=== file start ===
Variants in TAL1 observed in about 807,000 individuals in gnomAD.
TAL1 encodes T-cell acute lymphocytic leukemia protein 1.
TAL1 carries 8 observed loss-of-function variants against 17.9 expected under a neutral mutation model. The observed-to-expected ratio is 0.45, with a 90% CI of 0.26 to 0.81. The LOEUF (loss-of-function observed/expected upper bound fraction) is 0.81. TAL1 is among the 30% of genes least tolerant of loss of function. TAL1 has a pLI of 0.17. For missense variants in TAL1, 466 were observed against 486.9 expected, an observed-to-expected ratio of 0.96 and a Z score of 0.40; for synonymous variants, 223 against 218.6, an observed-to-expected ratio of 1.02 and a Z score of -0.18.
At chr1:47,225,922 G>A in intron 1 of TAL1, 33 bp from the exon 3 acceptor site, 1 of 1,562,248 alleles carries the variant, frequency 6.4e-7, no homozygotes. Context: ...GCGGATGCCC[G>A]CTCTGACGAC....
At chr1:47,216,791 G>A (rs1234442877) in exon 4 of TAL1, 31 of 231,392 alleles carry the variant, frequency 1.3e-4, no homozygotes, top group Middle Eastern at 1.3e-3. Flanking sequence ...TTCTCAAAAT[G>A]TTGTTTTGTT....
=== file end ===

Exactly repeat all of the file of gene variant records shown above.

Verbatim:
Variants in TAL1 observed in about 807,000 individuals in gnomAD.
TAL1 encodes T-cell acute lymphocytic leukemia protein 1.
TAL1 carries 8 observed loss-of-function variants against 17.9 expected under a neutral mutation model. The observed-to-expected ratio is 0.45, with a 90% CI of 0.26 to 0.81. The LOEUF (loss-of-function observed/expected upper bound fraction) is 0.81. TAL1 is among the 30% of genes least tolerant of loss of function. TAL1 has a pLI of 0.17. For missense variants in TAL1, 466 were observed against 486.9 expected, an observed-to-expected ratio of 0.96 and a Z score of 0.40; for synonymous variants, 223 against 218.6, an observed-to-expected ratio of 1.02 and a Z score of -0.18.
At chr1:47,225,922 G>A in intron 1 of TAL1, 33 bp from the exon 3 acceptor site, 1 of 1,562,248 alleles carries the variant, frequency 6.4e-7, no homozygotes. Context: ...GCGGATGCCC[G>A]CTCTGACGAC....
At chr1:47,216,791 G>A (rs1234442877) in exon 4 of TAL1, 31 of 231,392 alleles carry the variant, frequency 1.3e-4, no homozygotes, top group Middle Eastern at 1.3e-3. Flanking sequence ...TTCTCAAAAT[G>A]TTGTTTTGTT....